Community colleges around the country are working on return-to-school plans for the fall semester. But rebuilding enrollment will take more than simply offering in-person classes. That’s why two-year colleges are turning to inventive strategies to return students to the classrooms.
Free community college programs are cropping up around the nation. Michigan has two such programs designed to attract low-income workers and over-25 workers who have never earned a post-secondary degree. Attracting new students will help, but community colleges must also find ways to retain students who were on campus prior to the pandemic’s arrival.
Quinsigamond Community College in Massachusetts is rebuilding enrollment there by addressing the known needs of its students. QCC has set up a drive-through food pantry to help relieve food insecurity among its students. In addition, the school used more than $2.5M in federal aid to wipe out the debts of students who owed QCC money. The average erasure was worth more than $1,500.
Rebuilding enrollment by eliminating student debt
Community colleges are finding that debt is high on the list of reasons students don’t complete degree programs. It’s a tough question to answer, too. According to the US Department of Education, in 2017, 36% of full-time community college students also worked more than 20 hours per week.
Working and going to school compete hard for a student’s time. And plenty of evidence shows that the more hours a student works, the less likely the student is to complete a program of study. Not completing a program of study means that the student doesn’t gain the benefit of access to better paying work. And more often than not, it leaves the student in debt.
Most community colleges will not allow students who have outstanding balances on their account to enroll in classes. The debt becomes a significant barrier to returning to school. By wiping out student debt, QCC is giving its students a second chance to succeed.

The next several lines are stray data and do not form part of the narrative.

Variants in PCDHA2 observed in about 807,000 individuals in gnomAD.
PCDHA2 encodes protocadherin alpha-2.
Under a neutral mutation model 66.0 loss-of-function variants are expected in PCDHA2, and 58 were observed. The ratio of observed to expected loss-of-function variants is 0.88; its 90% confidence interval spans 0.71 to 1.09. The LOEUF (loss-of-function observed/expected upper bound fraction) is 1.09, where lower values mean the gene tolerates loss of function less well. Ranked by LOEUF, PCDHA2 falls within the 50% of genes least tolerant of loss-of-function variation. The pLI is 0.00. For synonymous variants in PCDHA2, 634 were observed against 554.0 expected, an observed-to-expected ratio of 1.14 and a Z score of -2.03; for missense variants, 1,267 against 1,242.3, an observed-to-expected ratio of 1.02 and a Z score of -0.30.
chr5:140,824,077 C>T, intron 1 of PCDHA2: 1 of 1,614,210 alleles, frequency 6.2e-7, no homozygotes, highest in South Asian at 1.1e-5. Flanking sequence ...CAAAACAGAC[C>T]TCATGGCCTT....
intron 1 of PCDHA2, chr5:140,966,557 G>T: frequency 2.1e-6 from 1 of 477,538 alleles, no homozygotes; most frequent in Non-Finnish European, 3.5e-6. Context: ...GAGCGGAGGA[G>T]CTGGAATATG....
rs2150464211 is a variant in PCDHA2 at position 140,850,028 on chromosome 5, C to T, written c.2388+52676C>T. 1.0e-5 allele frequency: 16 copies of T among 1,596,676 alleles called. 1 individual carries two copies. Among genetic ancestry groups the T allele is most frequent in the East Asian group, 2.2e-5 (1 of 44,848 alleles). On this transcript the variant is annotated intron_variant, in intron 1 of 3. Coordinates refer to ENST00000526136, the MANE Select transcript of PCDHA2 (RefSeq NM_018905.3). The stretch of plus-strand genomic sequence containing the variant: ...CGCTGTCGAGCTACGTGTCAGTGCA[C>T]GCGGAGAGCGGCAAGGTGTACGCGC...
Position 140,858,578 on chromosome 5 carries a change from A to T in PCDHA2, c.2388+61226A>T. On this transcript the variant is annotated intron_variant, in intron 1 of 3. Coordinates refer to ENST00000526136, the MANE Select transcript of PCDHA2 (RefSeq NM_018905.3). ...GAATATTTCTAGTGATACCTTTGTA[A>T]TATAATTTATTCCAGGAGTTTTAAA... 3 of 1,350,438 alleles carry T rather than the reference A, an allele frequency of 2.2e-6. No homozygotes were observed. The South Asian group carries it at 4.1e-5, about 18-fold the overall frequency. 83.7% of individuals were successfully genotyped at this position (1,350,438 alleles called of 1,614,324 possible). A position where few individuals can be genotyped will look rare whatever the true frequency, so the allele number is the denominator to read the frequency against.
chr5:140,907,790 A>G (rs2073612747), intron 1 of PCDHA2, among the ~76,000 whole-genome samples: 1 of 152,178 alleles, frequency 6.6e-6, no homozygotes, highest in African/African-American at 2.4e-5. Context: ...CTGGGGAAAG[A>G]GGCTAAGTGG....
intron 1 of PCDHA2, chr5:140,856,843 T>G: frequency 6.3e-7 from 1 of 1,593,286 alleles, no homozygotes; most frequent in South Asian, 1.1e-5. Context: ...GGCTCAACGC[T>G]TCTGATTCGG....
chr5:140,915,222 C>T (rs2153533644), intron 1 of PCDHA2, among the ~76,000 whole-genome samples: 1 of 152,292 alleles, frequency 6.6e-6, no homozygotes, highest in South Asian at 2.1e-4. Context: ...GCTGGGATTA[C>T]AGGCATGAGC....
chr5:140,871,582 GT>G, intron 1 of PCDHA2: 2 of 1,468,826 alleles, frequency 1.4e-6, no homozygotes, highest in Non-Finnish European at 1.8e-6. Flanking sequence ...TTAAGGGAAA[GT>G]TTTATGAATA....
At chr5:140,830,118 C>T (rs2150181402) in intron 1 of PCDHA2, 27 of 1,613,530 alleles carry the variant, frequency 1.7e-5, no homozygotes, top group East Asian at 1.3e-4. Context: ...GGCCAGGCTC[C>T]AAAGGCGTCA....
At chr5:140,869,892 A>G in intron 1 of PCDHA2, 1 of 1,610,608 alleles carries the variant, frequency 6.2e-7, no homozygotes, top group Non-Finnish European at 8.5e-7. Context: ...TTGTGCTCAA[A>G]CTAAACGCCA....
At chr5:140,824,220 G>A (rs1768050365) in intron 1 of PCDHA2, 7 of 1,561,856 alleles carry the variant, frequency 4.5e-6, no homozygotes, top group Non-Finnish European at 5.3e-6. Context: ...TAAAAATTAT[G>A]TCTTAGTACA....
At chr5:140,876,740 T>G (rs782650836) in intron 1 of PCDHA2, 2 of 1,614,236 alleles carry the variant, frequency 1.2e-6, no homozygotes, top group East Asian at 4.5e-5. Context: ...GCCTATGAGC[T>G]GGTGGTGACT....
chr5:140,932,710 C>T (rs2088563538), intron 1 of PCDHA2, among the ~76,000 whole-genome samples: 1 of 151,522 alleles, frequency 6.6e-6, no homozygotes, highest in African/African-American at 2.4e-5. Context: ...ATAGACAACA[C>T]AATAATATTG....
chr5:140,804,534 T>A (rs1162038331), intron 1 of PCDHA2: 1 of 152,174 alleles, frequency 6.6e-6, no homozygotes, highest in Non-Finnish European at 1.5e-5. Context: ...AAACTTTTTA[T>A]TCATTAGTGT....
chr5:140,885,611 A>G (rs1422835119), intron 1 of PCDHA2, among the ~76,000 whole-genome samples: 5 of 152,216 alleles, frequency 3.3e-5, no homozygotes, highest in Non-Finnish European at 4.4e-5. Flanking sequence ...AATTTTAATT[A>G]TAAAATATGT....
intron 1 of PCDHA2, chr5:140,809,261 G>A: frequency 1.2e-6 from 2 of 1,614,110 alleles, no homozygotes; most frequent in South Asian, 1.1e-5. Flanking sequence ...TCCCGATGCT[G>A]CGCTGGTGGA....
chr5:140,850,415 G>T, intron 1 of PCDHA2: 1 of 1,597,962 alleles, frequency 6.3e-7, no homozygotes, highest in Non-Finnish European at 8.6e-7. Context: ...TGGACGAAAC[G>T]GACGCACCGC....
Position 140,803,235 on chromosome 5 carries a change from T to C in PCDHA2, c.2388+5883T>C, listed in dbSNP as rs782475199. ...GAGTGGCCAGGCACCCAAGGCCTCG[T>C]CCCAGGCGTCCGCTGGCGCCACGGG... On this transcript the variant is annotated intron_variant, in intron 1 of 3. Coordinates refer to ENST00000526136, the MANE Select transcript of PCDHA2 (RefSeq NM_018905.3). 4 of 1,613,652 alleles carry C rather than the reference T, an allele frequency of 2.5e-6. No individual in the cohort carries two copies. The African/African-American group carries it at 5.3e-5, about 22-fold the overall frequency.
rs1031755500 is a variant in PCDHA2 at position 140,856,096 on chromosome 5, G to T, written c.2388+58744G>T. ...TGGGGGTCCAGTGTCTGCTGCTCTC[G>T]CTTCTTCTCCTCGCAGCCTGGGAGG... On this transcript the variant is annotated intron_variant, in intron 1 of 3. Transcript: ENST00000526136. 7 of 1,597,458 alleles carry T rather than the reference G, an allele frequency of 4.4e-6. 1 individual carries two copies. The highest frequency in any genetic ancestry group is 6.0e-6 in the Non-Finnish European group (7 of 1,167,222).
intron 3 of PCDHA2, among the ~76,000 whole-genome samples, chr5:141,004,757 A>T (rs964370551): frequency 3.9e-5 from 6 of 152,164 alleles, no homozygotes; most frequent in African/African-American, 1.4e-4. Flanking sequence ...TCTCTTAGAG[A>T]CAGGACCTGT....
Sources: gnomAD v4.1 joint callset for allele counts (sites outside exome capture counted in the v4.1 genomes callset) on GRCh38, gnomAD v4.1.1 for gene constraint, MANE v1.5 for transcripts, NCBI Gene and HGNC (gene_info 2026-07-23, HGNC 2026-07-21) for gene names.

Increasing enrollment by addressing student needs
The Borough of Manhattan Community College (BMCC) found that a large number of their students didn’t return to campus because they couldn’t afford the “support costs” of attending school. These extra costs – like transportation, childcare, textbooks and school supplies – were keeping BMCC students from re-enrolling. For BMCC, rebuilding enrollment meant finding ways to help students overcome these costs.
A MetroCard – which allows commuters to use New York City’s mass transit system – can cost more than $1,000 per year. While $84 per month may seem negligible to some, it’s a significant barrier for community college students who may work a minimum wage job. New York State’s minimum wage is currently set at $12.50 per hour, but students under the age of 18 may only earn $7.25. New York City is a high-cost municipality, so even at $12.50 per hour, most students don’t earn enough to pay for both their living expenses and school. 70% of BMCC students live in households with incomes lower than $30,000 per year.
To counter that, the Center for an Urban Future is proposing that CUNY – the governing body for New York’s community colleges – provide MetroCard passes, on-campus childcare, subsidies for books and supplies, and meals for community college students – like the meal programs offered to the city’s K-12 students. Rebuilding enrollment at BMCC and New York’s other community colleges will require eliminating the most common barriers to persistence. And for the most part, those barriers reflect some very basic needs.
Rebuilding enrollment by reducing administrative overhead
No one argues the point that community colleges are intended to serve low-income residents. Unfortunately, the people who run WCC understand very little about the realities of being poor. This lack of understanding carries over to the Trustees, who worry more about the size of their own tax bills than about the students they’re supposed to serve.
These Trustees push the real cost of the WCC administration’s unrestricted growth onto students who cannot afford it. This is beyond unfortunate, as they are the only body with the authority to address the College’s spending priorities. Their failure to demand cost control from the WCC Administration drives the cost of attendance up and drives students away from WCC. It also pushes the College into adopting hare-brained revenue-generation schemes that merely consume operational dollars and produce little in return.
Rebuilding enrollment at WCC will require examining the needs of its students and finding ways to reduce WCC’s administrative costs. The Trustees have a responsibility to avoid the need for additional revenue by controlling the institution’s costs. Declining enrollment will be the price we all pay for this lack of oversight.
Photo Credit: Mitchell Haindfield, via Flickr